Family. Tradition. Culture. For Helen Roehm, these are not just words but fundamental concepts for a fulfilling life. Professionally, Roehm helps foster a culturally diverse atmosphere while enhancing the workplace at Naval Surface Warfare Center Dahlgren Division (NSWCDD) through his talents and team interaction.
Roehm is the employee highlighted by the NSWCDD for National Native American Heritage Month.
Roehm received a bachelor’s degree in mathematics from Bowie State University and began a teaching career shortly thereafter. She joined the NSWCDD in May 2020 during the COVID-19 pandemic. “It was quite an adjustment to move from the classroom to the war center work environment, but the people here at Dahlgren made this process seem effortless and inviting,” Roehm recalled during a recent conversation. Roehm is currently pursuing a master’s degree in computer science at Virginia Commonwealth University.
As a former math teacher, Roehm instilled valuable lessons in her students and demonstrated her passion for science and math every day in the classroom. Likewise, Roehm shares his expert knowledge with his NSWCDD team and maintains an environment to further develop innovative technology. “I really enjoy the job I do and being part of the mission that supports the fighter.”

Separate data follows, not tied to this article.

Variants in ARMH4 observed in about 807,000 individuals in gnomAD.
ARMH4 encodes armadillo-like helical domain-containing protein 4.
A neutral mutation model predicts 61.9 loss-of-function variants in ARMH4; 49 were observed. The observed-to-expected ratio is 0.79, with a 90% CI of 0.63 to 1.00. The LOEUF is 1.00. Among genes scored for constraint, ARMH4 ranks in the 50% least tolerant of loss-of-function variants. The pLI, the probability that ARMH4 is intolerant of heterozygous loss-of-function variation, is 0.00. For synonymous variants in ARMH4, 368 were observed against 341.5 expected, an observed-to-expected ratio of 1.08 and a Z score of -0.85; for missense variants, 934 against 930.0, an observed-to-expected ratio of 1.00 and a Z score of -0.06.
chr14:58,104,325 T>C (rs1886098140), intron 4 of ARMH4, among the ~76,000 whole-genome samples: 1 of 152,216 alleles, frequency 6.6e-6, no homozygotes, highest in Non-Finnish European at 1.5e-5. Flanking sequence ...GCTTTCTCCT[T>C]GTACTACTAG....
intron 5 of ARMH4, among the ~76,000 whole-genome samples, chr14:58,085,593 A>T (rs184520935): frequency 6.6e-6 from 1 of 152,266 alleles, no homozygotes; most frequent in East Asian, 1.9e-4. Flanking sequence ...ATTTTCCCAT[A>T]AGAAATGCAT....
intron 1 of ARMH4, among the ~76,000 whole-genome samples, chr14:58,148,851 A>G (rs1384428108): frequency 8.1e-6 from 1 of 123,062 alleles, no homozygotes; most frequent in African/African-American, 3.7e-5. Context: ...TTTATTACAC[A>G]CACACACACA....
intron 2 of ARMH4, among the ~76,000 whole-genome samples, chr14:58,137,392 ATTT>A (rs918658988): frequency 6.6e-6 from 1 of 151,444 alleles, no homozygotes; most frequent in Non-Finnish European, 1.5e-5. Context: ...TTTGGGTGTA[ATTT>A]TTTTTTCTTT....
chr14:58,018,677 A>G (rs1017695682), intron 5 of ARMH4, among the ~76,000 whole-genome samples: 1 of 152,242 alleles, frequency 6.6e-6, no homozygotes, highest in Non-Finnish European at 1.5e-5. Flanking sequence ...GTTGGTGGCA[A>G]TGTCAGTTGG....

In his current role as Systems Software Developer and Agile Coach with the Directed Energy Systems Software branch, Roehm supports several programs such as the Laser Weapon Combat System for the Aurora Software Foundry. She also serves as a group leader and mentor, for which she has received recognition and accolades for her work and service.
Roehm’s passion for science and math spans his personal life, actively promoting STEM-related programs within various youth organizations.
As a practicing member of the Bad River Chippewa Tribe located in Odanah, Wisconsin, Roehm dedicates his time and energy to teaching Native American traditions and culture throughout his community. “I believe it is essential to continue to promote, encourage and be involved in teaching and maintaining the traditions of our history,” said Roehm. “Knowing who we were helps determine who we are now and who we want to be in the future. It concerns all areas of our life. “